5 Signs You Need a Business-Grade CPaaS Solution

17 Mar

Before you venture into the exciting world of communications APIs and CPaaS (Communications-Platforms-as-a-Service), it’s important to consider a few factors that could make-or-break your buying decision.  To help you along the way, we’ve identified a few signs to identify whether or not to pursue a business-grade solution vs. a more simple developer-focused CPaaS solution.

Before we hop into the five signs, let’s first answer: what differentiates business-grade CPaaS vs. regular ol’ CPaaS?
We’re glad you asked! While more traditional CPaaS focuses on the developer— the documentation, the SDKs, and excels at fast up-starts, business-grade CPaaS focuses more on the business behind the developer. Business-grade CPaaS focuses on solving needs for the product and executive teams, rather than just simple developer functionality— setting a solid foundation for future growth.

Sign #1: You expect big-time growth
If 1,000 application users sounds like a huge failure to you rather than a raving success, you should start getting concerned about outgrowing your technology stack— including your CPaaS solution. As your user base grows, so will your API usage. This means you’ll need to be prepared to face growing bills, more potential customer support issues to solve, and a growing list of demands from your bigger user base. A business-grade CPaaS solution typically comes with a wholesale pricing package that will work better with your newly expanded user base than more traditional CPaaS providers. In addition, they’re well-suited for supporting the types of issues that may arise from massive scale.

Sign #2: You need more than just a forum to solve problems
When your customer have issues, you need answers. And you need them from someone who knows the backbone of your solution. Not just some Joe Schmo from the internet. A business-grade provider typically owns the network that powers the APIs— this generally means faster resolve time, root cause information, and a detailed plan for problem prevention.

Sign #3: You want full control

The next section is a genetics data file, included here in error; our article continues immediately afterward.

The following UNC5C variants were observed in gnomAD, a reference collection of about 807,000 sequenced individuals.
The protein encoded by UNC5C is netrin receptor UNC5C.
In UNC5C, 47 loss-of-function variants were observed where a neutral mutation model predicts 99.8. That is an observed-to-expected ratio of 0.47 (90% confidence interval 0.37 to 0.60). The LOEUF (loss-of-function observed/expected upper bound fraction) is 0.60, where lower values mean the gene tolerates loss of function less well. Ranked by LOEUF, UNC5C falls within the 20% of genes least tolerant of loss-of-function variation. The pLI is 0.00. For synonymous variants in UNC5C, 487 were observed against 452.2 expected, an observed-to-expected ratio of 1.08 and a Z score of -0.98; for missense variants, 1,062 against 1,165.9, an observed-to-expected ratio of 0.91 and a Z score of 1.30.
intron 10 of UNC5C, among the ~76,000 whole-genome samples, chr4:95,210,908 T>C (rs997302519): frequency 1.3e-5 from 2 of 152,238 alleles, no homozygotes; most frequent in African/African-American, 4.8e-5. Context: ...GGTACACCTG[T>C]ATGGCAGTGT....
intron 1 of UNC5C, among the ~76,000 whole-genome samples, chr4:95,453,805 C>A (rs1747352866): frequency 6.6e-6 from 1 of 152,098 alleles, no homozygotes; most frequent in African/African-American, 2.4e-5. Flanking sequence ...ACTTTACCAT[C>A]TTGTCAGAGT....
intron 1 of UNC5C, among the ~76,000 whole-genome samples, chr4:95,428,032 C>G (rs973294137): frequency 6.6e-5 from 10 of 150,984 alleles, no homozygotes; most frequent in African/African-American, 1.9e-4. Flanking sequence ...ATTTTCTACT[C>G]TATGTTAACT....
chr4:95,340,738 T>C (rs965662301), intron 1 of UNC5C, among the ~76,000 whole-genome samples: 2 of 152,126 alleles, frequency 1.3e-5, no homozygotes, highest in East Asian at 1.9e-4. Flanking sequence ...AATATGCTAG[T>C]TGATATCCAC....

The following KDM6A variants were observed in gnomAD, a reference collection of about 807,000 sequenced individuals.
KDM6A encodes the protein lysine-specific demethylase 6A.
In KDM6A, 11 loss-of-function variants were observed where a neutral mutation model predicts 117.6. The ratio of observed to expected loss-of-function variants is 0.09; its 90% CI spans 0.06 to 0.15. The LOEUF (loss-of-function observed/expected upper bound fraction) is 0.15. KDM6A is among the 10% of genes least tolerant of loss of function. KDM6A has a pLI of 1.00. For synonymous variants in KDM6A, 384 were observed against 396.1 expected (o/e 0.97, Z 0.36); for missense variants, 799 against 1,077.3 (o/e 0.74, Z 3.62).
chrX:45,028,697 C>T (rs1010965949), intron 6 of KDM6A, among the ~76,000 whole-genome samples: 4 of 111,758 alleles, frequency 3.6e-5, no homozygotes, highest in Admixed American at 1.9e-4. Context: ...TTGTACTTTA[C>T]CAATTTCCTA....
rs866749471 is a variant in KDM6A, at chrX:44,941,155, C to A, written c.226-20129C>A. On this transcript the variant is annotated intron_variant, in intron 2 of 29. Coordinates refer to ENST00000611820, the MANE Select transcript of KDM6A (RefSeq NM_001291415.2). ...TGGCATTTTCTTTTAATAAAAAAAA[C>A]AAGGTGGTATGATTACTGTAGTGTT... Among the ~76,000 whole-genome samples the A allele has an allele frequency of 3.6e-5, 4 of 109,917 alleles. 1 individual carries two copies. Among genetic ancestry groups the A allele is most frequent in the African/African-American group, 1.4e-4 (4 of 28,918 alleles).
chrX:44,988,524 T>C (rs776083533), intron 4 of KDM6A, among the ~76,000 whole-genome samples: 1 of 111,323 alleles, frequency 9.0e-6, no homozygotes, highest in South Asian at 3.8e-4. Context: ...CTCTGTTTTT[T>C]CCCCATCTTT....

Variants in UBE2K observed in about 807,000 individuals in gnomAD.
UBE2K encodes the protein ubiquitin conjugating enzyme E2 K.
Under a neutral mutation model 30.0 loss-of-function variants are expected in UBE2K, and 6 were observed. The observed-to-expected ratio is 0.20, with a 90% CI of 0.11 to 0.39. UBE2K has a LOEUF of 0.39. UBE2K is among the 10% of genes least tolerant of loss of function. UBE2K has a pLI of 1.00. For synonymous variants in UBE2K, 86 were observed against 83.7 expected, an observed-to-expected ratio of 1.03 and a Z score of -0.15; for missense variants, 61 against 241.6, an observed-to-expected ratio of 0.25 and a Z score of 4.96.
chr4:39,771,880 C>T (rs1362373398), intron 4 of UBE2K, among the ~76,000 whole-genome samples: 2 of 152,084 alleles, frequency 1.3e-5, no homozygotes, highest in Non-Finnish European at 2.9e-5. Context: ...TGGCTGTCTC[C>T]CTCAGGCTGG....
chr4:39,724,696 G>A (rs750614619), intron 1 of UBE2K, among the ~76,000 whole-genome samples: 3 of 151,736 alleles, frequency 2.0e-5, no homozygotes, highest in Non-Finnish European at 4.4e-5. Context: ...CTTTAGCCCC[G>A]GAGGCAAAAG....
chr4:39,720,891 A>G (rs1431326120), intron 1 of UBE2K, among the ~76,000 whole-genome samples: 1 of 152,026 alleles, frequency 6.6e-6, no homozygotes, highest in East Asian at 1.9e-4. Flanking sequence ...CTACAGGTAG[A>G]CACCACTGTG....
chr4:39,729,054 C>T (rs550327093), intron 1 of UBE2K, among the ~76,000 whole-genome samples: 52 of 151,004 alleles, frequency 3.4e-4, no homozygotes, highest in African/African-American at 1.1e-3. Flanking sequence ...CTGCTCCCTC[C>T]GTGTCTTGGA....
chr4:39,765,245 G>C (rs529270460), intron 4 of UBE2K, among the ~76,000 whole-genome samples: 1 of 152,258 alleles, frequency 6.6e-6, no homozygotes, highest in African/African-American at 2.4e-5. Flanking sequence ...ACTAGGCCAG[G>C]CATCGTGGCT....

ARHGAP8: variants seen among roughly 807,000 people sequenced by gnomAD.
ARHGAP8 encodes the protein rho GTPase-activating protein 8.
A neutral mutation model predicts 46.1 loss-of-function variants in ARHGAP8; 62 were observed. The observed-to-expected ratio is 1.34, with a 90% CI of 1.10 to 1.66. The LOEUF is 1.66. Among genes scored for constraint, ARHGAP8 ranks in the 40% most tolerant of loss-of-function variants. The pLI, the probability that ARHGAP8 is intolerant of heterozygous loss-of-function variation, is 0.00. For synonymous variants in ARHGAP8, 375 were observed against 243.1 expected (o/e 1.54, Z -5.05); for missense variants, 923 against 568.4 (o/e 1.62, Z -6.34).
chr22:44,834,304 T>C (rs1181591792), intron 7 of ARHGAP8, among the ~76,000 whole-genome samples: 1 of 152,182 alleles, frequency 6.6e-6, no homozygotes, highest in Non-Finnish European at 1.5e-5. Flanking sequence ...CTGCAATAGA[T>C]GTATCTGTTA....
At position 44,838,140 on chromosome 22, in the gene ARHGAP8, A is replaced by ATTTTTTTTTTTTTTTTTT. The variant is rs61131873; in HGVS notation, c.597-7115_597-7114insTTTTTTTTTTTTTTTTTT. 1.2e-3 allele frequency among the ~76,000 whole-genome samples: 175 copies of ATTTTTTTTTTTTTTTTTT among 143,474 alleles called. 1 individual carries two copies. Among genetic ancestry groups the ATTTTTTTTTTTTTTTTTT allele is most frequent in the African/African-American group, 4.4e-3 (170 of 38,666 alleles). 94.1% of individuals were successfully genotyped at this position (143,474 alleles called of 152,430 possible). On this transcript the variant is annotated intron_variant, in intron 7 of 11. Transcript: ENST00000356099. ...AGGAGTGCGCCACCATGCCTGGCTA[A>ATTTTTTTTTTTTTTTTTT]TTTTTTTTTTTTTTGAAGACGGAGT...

When voice or messaging is a crucial part of your business, it makes sense that you’d want complete control. With a business-grade CPaaS provider, you’ll get more options for that control— more rate decks, which ultimately means more control over the kinds of routes that your traffic takes on the network. A more secure connection is possible with end-to-end encryption. You can relax, because you’re in the driver’s seat.

Sign #4: Your users expect maximum quality
When you’re working with more of a developer-focused CPaaS company, you’re also agreeing to work with their network infrastructure. Which typically isn’t owned or operated by the same company. In going this route, you lose the quality control the comes with working with a business-grade CPaaS provider. When your API provider is also your network provider, you get the benefit of greater on-network coverage— an important metric you should always ask your provider about in the buying process. More on-network coverage means greater quality, more control, and a better connection.

Sign #5: You need special functionality… and you need it NOW!
The ability to influence your provider’s product roadmap can make a big difference for your users. If your solution hinges on a special piece of API functionality, you need to be sure that your provider can back that up. A business-grade provider will be more of a partner, rather than just a provider.

Want even more insight like this?  Check out Frost and Sullivan’s guide to identifying an enterprise-grade CPaaS provider. It will help you navigate this growing market so you can identify the real business-grade provider that works for your application.

Caroline Sutton
Caroline Sutton
csutton@bandwidth.com

Caroline works as a Bandwidth Product Marketing Manager, where she gets to combine a few of her favorite things: writing, making things pretty, and communication (she's a talker). A proud Wake Forest Demon Deacon, she honed her skills in digital marketing and customer success at ad agencies and software start-ups before joining Bandwidth in 2016. Outside of work, she enjoys volunteering for several local organizations, 90s music playlists, and laughing at cheesy jokes.

No Comments

Post A Comment